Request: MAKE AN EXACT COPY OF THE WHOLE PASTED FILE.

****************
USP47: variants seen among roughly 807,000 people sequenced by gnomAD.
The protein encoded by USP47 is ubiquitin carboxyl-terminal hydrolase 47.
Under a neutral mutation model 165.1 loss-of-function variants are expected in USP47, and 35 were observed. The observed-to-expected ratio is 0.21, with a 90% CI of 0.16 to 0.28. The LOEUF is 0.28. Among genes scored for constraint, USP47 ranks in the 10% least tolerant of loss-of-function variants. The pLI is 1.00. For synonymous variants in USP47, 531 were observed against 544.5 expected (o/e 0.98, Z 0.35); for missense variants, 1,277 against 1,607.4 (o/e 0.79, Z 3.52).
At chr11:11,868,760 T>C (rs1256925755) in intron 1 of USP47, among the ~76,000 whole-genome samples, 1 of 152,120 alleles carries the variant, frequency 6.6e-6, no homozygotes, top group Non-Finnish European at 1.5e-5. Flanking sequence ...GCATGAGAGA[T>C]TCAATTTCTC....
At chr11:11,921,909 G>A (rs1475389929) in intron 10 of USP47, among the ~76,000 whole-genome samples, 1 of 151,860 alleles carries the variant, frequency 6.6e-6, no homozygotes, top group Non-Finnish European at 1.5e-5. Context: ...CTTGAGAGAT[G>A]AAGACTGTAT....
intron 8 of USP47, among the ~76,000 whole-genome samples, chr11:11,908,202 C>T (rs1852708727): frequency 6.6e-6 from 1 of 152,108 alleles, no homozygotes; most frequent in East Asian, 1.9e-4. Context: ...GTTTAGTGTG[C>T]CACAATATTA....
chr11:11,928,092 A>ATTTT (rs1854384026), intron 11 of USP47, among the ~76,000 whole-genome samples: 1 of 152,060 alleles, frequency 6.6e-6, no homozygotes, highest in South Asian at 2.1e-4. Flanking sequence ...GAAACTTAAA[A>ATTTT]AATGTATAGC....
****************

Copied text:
USP47: variants seen among roughly 807,000 people sequenced by gnomAD.
The protein encoded by USP47 is ubiquitin carboxyl-terminal hydrolase 47.
Under a neutral mutation model 165.1 loss-of-function variants are expected in USP47, and 35 were observed. The observed-to-expected ratio is 0.21, with a 90% CI of 0.16 to 0.28. The LOEUF is 0.28. Among genes scored for constraint, USP47 ranks in the 10% least tolerant of loss-of-function variants. The pLI is 1.00. For synonymous variants in USP47, 531 were observed against 544.5 expected (o/e 0.98, Z 0.35); for missense variants, 1,277 against 1,607.4 (o/e 0.79, Z 3.52).
At chr11:11,868,760 T>C (rs1256925755) in intron 1 of USP47, among the ~76,000 whole-genome samples, 1 of 152,120 alleles carries the variant, frequency 6.6e-6, no homozygotes, top group Non-Finnish European at 1.5e-5. Flanking sequence ...GCATGAGAGA[T>C]TCAATTTCTC....
At chr11:11,921,909 G>A (rs1475389929) in intron 10 of USP47, among the ~76,000 whole-genome samples, 1 of 151,860 alleles carries the variant, frequency 6.6e-6, no homozygotes, top group Non-Finnish European at 1.5e-5. Context: ...CTTGAGAGAT[G>A]AAGACTGTAT....
intron 8 of USP47, among the ~76,000 whole-genome samples, chr11:11,908,202 C>T (rs1852708727): frequency 6.6e-6 from 1 of 152,108 alleles, no homozygotes; most frequent in East Asian, 1.9e-4. Context: ...GTTTAGTGTG[C>T]CACAATATTA....
chr11:11,928,092 A>ATTTT (rs1854384026), intron 11 of USP47, among the ~76,000 whole-genome samples: 1 of 152,060 alleles, frequency 6.6e-6, no homozygotes, highest in South Asian at 2.1e-4. Flanking sequence ...GAAACTTAAA[A>ATTTT]AATGTATAGC....